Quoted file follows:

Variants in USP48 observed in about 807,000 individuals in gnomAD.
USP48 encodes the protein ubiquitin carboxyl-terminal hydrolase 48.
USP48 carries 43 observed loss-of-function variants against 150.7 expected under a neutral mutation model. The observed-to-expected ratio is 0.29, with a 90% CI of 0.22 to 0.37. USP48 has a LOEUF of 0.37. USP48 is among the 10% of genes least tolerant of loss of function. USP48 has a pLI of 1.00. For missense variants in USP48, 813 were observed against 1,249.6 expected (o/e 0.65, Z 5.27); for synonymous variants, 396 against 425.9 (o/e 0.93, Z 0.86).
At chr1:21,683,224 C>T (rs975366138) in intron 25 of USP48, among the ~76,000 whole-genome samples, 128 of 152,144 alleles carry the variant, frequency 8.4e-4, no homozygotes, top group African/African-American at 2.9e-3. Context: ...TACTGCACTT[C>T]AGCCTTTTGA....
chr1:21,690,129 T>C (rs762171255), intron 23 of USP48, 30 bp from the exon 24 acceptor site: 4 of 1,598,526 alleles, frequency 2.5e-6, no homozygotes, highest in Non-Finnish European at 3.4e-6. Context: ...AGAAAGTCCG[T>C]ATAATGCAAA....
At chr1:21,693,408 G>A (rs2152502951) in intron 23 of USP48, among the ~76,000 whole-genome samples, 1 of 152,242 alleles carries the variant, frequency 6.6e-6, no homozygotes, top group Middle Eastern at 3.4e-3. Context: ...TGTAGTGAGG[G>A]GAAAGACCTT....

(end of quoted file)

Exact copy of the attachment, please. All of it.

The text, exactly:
Variants in USP48 observed in about 807,000 individuals in gnomAD.
USP48 encodes the protein ubiquitin carboxyl-terminal hydrolase 48.
USP48 carries 43 observed loss-of-function variants against 150.7 expected under a neutral mutation model. The observed-to-expected ratio is 0.29, with a 90% CI of 0.22 to 0.37. USP48 has a LOEUF of 0.37. USP48 is among the 10% of genes least tolerant of loss of function. USP48 has a pLI of 1.00. For missense variants in USP48, 813 were observed against 1,249.6 expected (o/e 0.65, Z 5.27); for synonymous variants, 396 against 425.9 (o/e 0.93, Z 0.86).
At chr1:21,683,224 C>T (rs975366138) in intron 25 of USP48, among the ~76,000 whole-genome samples, 128 of 152,144 alleles carry the variant, frequency 8.4e-4, no homozygotes, top group African/African-American at 2.9e-3. Context: ...TACTGCACTT[C>T]AGCCTTTTGA....
chr1:21,690,129 T>C (rs762171255), intron 23 of USP48, 30 bp from the exon 24 acceptor site: 4 of 1,598,526 alleles, frequency 2.5e-6, no homozygotes, highest in Non-Finnish European at 3.4e-6. Context: ...AGAAAGTCCG[T>C]ATAATGCAAA....
At chr1:21,693,408 G>A (rs2152502951) in intron 23 of USP48, among the ~76,000 whole-genome samples, 1 of 152,242 alleles carries the variant, frequency 6.6e-6, no homozygotes, top group Middle Eastern at 3.4e-3. Context: ...TGTAGTGAGG[G>A]GAAAGACCTT....